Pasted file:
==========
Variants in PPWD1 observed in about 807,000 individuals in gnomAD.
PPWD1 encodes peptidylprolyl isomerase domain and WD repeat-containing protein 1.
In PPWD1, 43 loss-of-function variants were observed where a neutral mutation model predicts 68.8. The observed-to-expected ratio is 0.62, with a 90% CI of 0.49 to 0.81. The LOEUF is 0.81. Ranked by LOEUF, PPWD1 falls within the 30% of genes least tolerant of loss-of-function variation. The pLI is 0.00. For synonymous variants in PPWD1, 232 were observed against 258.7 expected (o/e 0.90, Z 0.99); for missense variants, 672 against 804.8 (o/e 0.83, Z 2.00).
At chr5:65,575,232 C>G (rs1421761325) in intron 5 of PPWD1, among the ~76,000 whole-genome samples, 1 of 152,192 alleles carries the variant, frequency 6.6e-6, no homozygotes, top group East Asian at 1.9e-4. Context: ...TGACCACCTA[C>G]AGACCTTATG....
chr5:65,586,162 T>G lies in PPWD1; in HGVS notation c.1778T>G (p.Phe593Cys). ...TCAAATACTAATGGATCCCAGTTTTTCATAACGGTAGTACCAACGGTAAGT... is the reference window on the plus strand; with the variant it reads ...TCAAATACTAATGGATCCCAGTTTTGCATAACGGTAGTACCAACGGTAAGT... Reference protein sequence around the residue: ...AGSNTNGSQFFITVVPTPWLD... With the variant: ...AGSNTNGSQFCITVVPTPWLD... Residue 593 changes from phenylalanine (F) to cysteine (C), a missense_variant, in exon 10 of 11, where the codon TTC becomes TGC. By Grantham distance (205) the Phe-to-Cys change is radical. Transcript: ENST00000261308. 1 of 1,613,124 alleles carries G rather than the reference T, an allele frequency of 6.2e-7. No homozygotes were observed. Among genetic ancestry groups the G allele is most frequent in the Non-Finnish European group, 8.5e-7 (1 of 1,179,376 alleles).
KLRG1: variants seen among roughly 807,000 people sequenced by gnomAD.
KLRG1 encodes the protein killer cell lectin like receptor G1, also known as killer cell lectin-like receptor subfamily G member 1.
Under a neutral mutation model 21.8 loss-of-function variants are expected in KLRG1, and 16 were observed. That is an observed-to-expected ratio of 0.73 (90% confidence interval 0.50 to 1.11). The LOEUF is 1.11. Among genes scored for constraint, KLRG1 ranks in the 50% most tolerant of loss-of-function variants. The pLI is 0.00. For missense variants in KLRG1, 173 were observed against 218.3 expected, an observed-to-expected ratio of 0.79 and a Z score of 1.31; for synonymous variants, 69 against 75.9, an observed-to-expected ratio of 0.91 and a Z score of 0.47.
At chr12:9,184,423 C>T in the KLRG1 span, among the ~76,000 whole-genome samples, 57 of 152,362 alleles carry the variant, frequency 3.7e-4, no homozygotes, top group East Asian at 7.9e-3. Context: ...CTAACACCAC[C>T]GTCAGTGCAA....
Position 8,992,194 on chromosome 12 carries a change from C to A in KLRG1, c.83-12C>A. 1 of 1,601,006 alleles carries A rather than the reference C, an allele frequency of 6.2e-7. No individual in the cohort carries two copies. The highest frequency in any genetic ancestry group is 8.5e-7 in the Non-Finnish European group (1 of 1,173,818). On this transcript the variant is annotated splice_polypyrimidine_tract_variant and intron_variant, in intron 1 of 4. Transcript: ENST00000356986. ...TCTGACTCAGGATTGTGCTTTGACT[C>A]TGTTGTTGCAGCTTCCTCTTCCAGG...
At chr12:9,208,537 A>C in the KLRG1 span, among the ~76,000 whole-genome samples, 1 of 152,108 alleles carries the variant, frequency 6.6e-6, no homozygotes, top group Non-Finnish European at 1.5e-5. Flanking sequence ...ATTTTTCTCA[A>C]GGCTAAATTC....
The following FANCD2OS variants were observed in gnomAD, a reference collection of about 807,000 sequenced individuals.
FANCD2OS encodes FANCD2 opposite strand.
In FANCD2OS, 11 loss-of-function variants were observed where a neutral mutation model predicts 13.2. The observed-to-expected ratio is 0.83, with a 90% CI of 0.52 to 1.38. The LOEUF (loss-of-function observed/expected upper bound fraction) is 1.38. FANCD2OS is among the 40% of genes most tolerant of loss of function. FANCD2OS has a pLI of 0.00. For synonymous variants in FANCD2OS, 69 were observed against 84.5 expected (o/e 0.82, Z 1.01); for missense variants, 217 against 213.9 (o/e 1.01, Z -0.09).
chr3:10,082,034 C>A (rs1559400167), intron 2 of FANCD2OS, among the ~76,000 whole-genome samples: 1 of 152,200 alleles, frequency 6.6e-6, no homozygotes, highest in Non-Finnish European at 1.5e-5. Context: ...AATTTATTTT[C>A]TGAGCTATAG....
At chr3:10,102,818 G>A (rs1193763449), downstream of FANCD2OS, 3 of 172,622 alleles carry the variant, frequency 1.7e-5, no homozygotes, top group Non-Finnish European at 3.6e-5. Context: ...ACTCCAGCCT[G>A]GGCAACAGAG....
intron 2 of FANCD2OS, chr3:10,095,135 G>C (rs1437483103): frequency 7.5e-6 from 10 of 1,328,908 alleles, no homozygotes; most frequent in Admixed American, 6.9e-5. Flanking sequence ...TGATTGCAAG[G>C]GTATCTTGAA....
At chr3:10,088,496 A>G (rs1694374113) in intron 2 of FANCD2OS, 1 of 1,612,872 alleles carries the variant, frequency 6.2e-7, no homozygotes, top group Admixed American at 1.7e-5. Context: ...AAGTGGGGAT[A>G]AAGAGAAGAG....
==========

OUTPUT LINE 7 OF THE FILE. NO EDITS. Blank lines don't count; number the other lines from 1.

KLRG1 encodes the protein killer cell lectin like receptor G1, also known as killer cell lectin-like receptor subfamily G member 1.